5 She gave birth to a son, a male child, who “will rule all the nations with an iron sceptre.” And her child was snatched up to God and to his throne. 6 The woman fled into the wilderness to a place prepared for her by God, where she might be taken care of for 1,260 days.
7 Then war broke out in heaven. Michael and his angels fought against the dragon, and the dragon and his angels fought back. 8 But he was not strong enough, and they lost their place in heaven. 9 The great dragon was hurled down—that ancient serpent called the devil, or Satan, who leads the whole world astray. He was hurled to the earth, and his angels with him.
10 Then I heard a loud voice in heaven say: “Now have come the salvation and the power and the kingdom of our God, and the authority of his Messiah. For the accuser of our brothers and sisters, who accuses them before our God day and night, has been hurled down. 11 They triumphed over him by the blood of the Lamb and by the word of their testimony; they did not love their lives so much as to shrink from death. 12 Therefore rejoice, you heavens and you who dwell in them! But woe to the earth and the sea, because the devil has gone down to you! He is filled with fury, because he knows that his time is short.”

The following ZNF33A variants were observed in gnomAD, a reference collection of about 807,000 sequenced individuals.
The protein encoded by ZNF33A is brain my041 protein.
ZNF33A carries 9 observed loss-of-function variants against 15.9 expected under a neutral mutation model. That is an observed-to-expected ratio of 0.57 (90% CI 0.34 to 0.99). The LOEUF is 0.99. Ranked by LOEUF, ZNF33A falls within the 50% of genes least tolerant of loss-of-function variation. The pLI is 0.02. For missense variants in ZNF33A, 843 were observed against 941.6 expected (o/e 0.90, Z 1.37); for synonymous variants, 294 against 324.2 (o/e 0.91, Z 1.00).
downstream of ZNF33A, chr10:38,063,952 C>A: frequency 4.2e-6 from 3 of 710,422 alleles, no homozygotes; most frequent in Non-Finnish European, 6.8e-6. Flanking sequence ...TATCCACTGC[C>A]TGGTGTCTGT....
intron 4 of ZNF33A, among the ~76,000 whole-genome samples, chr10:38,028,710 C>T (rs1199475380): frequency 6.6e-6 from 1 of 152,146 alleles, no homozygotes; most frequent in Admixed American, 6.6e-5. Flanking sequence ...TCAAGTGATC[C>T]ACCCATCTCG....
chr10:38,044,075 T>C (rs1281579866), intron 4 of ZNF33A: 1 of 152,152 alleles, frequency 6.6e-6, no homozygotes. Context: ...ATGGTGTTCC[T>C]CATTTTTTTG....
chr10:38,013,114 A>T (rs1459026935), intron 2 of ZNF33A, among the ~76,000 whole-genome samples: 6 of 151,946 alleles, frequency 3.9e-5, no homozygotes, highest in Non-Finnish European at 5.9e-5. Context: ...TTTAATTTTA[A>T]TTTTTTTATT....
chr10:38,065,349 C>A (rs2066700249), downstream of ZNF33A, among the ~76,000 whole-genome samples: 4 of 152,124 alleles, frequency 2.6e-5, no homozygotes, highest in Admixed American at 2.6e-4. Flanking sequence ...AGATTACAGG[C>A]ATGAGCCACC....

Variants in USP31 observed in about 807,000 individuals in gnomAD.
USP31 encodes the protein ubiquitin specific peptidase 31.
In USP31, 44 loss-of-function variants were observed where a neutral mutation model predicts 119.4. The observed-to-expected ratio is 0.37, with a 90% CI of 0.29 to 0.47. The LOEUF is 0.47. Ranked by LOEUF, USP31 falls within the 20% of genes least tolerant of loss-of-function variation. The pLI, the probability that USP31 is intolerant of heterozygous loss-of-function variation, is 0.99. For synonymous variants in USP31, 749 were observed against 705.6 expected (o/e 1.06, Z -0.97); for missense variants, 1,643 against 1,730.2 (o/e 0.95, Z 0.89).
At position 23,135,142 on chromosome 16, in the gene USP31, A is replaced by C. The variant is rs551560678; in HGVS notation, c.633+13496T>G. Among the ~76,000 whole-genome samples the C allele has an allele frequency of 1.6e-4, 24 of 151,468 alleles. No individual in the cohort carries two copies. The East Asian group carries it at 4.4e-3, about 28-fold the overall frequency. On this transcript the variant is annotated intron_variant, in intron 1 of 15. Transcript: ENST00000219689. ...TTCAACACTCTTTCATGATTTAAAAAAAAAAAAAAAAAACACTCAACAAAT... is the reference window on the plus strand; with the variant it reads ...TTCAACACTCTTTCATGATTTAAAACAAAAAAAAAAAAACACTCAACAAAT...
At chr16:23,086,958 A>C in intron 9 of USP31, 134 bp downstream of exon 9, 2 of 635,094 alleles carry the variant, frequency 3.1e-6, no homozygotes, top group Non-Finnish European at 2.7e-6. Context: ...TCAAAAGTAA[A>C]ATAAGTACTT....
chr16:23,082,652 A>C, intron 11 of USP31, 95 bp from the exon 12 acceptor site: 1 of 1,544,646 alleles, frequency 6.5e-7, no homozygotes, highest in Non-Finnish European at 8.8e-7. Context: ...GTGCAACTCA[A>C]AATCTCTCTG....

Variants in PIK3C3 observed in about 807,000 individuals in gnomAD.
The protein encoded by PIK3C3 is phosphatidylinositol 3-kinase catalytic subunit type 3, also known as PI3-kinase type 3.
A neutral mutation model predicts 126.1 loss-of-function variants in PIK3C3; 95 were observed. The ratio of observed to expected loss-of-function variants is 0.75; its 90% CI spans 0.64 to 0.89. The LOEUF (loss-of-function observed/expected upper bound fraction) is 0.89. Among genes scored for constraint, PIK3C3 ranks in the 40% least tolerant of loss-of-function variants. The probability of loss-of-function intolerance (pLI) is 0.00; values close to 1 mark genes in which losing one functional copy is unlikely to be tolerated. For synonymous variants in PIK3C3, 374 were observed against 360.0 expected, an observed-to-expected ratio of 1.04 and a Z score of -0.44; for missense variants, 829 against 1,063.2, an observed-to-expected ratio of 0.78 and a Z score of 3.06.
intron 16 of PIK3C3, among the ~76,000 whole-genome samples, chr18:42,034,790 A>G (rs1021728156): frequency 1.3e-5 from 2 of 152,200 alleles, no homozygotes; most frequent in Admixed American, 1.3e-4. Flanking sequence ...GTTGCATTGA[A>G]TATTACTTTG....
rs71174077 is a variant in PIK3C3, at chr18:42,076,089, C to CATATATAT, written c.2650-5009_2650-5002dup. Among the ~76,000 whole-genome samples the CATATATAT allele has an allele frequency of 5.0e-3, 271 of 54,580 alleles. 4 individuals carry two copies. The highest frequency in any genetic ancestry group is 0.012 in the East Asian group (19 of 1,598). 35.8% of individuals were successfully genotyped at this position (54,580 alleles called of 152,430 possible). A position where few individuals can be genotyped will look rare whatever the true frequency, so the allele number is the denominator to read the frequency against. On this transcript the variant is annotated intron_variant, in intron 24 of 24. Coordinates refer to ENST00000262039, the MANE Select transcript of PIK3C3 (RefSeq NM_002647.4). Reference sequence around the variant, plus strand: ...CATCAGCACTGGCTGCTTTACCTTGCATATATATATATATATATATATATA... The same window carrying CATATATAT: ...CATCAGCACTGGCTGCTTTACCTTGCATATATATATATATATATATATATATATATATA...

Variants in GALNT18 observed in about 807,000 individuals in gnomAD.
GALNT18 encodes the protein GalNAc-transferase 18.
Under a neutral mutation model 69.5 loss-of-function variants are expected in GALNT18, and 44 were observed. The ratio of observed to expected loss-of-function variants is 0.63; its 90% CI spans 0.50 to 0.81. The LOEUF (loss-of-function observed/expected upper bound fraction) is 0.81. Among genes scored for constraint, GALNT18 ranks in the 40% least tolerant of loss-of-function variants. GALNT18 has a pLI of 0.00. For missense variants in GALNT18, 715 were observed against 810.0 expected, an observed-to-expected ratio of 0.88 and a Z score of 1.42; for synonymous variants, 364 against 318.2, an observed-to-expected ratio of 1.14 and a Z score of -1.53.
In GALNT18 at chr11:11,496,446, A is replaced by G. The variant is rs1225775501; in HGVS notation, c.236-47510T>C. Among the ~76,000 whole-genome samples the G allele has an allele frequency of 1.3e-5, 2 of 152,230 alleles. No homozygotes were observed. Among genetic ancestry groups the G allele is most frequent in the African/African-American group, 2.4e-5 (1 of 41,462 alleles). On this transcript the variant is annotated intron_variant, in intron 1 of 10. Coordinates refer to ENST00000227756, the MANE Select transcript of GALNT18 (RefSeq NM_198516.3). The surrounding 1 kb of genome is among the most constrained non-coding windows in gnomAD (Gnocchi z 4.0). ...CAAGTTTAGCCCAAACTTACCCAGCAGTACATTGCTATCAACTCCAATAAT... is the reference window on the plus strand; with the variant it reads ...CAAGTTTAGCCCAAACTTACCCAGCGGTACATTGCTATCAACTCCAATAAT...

13 When the dragon saw that he had been hurled to the earth, he pursued the woman who had given birth to the male child. 14 The woman was given the two wings of a great eagle, so that she might fly to the place prepared for her in the wilderness, where she would be taken care of for a time, times and half a time, out of the serpent’s reach. 15 Then from his mouth the serpent spewed water like a river, to overtake the woman and sweep her away with the torrent. 16 But the earth helped the woman by opening its mouth and swallowing the river that the dragon had spewed out of his mouth. 17 Then the dragon was enraged at the woman and went off to make war against the rest of her offspring—those who keep God’s commands and hold fast their testimony about Jesus.